Monday, February 18, 2013


This was the first and greatest adjustment to the Philippines. Upon our arrival and being driven from the airport to the administration office and then to our apartment, my husband, who feels right at home driving in any large city in the U.S., said, "I can never drive here!!"  I totally agreed!!  The driver that picked us up reassured us that traffic rules are only a "suggestion" as he made a left turn from the far right lane! The very next morning we went  to get our drivers licenses...what a relief when we didn't have to drive for them or take a driving test (is that really a GOOD thing???) but just give a urine sample and money...what an experience that was! Long story short....after a month or so my husband could get a job as a taxi driver here...yes, he has progressed (regressed!!!) to that point and can drive like a true Filipino.

The rules of driving are basically this: FLOW--It doesn't matter if lines are painted on a's best to pretend there are none...there may be 3 lanes painted but 5 lanes of traffic in those...someone suggested to think of it as bumper cars...that helps...just flow with the traffic.  BIG--This principle is easy to remember without difficulty.  The bigger the vehicle, the higher the priority for occupying traffic space and being granted the right of way. PICK--This principle is also simple.  Whichever vehicle has any portion of it in front of another gets the right of way.  NO-SEE CHICKEN--When entering an intersection, with traffic on your left or your right, you must look straight ahead and maintain your speed as you cut them off.  If you slow down or glance to the left or right, that  may be spotted by the oncoming driver and then he will challenge you to the right of way. I sounds simple!

There are a few road/traffic signs that we had to come to understand....or not! U-turn Slot: On the main highway in metro-Manila (EDSA) you could almost never make a left hand would have to drive in the opposite direction until you came to a U-turn Slot and you would turn around there and go the direction you needed. Going to the Manila Administration Office (MPAO) each day to work was an entirely different experience than coming back home to our apartment. Street Names: Frequently you could not FIND the name or after being lost you would discover the name of that street had been changed to some other name....political leaders were always doing that! Stay On Lane: We never figured out if you were supposed to drive on the lines that suggested a lane or between the lines since cars were everywhere!! Fly Over: We call that an Over Pass. No Swerving: Suggesting you are to not wander between multiple lanes...this is completely disregarded! Counter Flow: This is when you find that your lanes going one direction are all backed up and there may not be as much traffic in the lanes coming the opposite way, so someone decides to make a new lane out of the ones going the opposite direction (basically the wrong way on a one way street...) and a whole bunch of cars follow suit and soon you have a complete gridlock and no one can move in any is infuriating!!!!!...and happened many times to us. Lay By: A place up ahead to pull over. No Over Taking: No passing...definitely disregarded.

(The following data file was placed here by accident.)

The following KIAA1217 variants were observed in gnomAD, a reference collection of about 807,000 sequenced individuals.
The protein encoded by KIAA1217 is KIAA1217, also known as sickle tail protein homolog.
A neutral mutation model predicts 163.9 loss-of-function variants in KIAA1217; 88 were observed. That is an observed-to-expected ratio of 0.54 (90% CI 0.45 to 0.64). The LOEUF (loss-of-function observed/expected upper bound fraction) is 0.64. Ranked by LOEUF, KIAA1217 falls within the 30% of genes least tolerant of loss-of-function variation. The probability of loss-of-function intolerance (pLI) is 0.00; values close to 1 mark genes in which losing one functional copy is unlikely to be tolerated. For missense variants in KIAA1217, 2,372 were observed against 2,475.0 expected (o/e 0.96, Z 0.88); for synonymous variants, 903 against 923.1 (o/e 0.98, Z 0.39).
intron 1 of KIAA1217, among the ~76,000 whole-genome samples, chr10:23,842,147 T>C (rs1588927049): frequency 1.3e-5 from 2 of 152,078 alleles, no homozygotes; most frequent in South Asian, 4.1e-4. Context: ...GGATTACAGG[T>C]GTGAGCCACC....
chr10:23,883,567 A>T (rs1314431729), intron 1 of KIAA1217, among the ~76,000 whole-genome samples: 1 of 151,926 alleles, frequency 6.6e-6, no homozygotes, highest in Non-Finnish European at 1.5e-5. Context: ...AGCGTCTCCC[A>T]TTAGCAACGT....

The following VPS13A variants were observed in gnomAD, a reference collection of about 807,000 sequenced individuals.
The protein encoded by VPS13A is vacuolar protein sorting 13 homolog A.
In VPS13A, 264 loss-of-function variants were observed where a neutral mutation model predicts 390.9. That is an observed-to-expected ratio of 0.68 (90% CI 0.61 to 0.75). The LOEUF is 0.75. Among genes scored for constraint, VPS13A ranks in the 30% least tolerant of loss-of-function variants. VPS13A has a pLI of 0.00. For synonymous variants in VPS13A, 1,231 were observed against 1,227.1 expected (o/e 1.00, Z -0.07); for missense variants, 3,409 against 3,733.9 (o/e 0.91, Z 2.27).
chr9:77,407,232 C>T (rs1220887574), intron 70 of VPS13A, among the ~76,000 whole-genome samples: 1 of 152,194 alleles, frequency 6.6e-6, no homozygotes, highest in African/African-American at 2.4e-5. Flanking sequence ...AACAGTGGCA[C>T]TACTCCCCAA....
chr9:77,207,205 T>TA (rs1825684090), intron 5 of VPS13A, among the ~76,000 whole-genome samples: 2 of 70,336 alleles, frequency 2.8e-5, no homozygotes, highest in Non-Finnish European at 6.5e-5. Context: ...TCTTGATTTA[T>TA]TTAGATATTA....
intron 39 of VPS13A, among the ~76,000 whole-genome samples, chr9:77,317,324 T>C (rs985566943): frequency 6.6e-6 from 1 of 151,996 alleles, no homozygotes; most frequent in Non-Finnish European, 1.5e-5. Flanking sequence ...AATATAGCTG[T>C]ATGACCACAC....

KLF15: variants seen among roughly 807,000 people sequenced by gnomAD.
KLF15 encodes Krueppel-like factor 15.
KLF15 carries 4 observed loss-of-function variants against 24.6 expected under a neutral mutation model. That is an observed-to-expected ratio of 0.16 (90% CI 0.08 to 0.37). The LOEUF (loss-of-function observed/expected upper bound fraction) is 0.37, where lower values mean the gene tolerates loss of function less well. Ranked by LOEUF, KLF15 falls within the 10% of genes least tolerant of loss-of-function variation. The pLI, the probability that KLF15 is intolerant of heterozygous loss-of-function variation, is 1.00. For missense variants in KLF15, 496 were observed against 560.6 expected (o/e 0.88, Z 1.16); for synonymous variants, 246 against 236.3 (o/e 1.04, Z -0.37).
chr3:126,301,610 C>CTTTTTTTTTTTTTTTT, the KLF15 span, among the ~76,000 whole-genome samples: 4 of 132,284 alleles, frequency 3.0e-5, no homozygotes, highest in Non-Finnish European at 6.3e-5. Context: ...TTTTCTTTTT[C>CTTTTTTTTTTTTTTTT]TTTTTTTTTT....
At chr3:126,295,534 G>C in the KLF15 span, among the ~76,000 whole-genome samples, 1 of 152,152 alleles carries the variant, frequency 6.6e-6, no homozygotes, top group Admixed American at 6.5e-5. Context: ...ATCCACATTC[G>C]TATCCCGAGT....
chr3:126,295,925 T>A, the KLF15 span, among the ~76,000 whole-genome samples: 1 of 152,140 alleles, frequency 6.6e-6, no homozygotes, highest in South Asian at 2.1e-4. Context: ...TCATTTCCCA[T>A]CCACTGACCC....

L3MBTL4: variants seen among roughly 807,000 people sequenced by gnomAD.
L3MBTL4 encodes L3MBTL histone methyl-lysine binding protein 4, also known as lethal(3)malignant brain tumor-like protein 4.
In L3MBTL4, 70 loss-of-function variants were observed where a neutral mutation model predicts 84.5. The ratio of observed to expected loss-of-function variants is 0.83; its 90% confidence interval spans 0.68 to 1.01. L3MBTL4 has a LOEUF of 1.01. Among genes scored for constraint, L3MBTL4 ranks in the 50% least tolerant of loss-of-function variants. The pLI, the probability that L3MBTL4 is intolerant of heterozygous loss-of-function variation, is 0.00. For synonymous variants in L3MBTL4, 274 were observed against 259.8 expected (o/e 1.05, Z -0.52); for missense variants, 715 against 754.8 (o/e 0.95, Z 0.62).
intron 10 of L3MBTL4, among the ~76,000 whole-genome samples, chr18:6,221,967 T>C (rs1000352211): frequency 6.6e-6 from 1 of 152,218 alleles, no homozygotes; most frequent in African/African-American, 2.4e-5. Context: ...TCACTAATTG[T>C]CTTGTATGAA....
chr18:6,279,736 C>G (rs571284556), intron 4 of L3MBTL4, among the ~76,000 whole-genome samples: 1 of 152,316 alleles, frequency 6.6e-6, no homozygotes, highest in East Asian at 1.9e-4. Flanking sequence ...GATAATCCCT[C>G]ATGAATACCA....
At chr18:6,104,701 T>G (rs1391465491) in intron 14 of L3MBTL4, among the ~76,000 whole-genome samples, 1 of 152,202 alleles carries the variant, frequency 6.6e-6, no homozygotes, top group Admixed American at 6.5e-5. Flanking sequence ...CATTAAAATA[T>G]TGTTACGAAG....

Besides the "rules" of traffic, I must add to the equation a list of everything that can legally occupy road space: cars, trucks, buses, tricycles (motorbike with side car attached), jeepnies (elongated jeep that carries 20 to 30 passengers), pedestrians, funerals, bicycles, kalesa (horse drawn cart), caribao (water buffalo), children, family parties, and rice drying....just to name a few!!

Traffic on EDSA by Our Apartment

Typical of Metro-Manila Traffic

 Drivers Don't Always Obey Traffic Signs

Jeepney Terminal

Randy After Our Tricycle Ride From the Church in Laoag

Motorcycle with Couple Holding an Umbrella to Protect From the Sun

Filipino Father and Daughter on Bicycle with Bag of Food from LDS Charities

Tricycle From the Back on Our Way to Malaya for Church

Because there are several modes of transportation mainly used in the Philippines, I will list them from the least expensive to the most expensive: Walking, Bicycle, Tricycle...very widely used,  Jeepney ....along with the tricycle this is the most common mode, Bus, Taxi, Own a motorcycle, Own a Car...usually have a hired driver, Boat...necessary for travel between islands that do not have airports close by, Airplane...because of so many islands to go between, the airports are very busy and quite inexpensive.

Although there is so much congested traffic, a very small percentage of Filipinos own their own car....there are just millions of people all going somewhere each day.

I must add that some of our funniest experiences in the Philippines were the times we were lost while driving. Usually we were with Elder and Sister Goss. Some that stand out are: trying to find the location in Caloocan (it was behind a certain Catholic church) for the kick-off event for National Family Week, the trip to Cavite for Leni's internment, and a particular trip to the airport 

I drove exactly three times! All were on holidays when the traffic was much less congested because most of the people go to the provinces to be with family on these days. However, I did PRAY alot, as did our family, for our safety each day....and yes, we actually made it the entire 18 months without a single fender bender!

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